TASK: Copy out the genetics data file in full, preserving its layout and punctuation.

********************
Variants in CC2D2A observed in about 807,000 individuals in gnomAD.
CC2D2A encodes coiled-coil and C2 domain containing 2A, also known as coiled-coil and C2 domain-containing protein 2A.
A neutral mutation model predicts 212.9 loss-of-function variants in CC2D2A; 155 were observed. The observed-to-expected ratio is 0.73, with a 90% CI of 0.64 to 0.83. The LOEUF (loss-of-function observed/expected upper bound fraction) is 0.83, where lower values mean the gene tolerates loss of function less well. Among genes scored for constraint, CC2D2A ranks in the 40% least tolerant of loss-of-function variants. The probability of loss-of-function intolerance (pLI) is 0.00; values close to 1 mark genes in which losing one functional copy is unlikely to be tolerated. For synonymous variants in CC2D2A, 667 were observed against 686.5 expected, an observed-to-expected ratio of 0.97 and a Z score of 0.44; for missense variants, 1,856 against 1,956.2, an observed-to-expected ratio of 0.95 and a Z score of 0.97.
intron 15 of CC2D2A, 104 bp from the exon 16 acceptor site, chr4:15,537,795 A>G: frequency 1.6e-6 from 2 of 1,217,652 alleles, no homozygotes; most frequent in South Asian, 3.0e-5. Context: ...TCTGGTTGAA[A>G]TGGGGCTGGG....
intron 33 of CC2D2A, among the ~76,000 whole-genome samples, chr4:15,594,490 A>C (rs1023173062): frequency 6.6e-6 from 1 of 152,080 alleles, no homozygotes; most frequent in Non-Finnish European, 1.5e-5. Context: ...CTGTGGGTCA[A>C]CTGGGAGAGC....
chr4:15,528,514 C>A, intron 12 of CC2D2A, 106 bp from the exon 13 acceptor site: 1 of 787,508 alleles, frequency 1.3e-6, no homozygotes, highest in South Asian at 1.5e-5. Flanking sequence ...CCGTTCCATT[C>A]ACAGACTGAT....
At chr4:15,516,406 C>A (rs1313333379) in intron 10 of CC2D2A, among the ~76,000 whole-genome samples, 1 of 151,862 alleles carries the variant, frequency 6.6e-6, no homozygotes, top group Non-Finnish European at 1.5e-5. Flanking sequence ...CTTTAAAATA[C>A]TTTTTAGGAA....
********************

Variants in CC2D2A observed in about 807,000 individuals in gnomAD.
CC2D2A encodes coiled-coil and C2 domain containing 2A, also known as coiled-coil and C2 domain-containing protein 2A.
A neutral mutation model predicts 212.9 loss-of-function variants in CC2D2A; 155 were observed. The observed-to-expected ratio is 0.73, with a 90% CI of 0.64 to 0.83. The LOEUF (loss-of-function observed/expected upper bound fraction) is 0.83, where lower values mean the gene tolerates loss of function less well. Among genes scored for constraint, CC2D2A ranks in the 40% least tolerant of loss-of-function variants. The probability of loss-of-function intolerance (pLI) is 0.00; values close to 1 mark genes in which losing one functional copy is unlikely to be tolerated. For synonymous variants in CC2D2A, 667 were observed against 686.5 expected, an observed-to-expected ratio of 0.97 and a Z score of 0.44; for missense variants, 1,856 against 1,956.2, an observed-to-expected ratio of 0.95 and a Z score of 0.97.
intron 15 of CC2D2A, 104 bp from the exon 16 acceptor site, chr4:15,537,795 A>G: frequency 1.6e-6 from 2 of 1,217,652 alleles, no homozygotes; most frequent in South Asian, 3.0e-5. Context: ...TCTGGTTGAA[A>G]TGGGGCTGGG....
intron 33 of CC2D2A, among the ~76,000 whole-genome samples, chr4:15,594,490 A>C (rs1023173062): frequency 6.6e-6 from 1 of 152,080 alleles, no homozygotes; most frequent in Non-Finnish European, 1.5e-5. Context: ...CTGTGGGTCA[A>C]CTGGGAGAGC....
chr4:15,528,514 C>A, intron 12 of CC2D2A, 106 bp from the exon 13 acceptor site: 1 of 787,508 alleles, frequency 1.3e-6, no homozygotes, highest in South Asian at 1.5e-5. Flanking sequence ...CCGTTCCATT[C>A]ACAGACTGAT....
At chr4:15,516,406 C>A (rs1313333379) in intron 10 of CC2D2A, among the ~76,000 whole-genome samples, 1 of 151,862 alleles carries the variant, frequency 6.6e-6, no homozygotes, top group Non-Finnish European at 1.5e-5. Flanking sequence ...CTTTAAAATA[C>A]TTTTTAGGAA....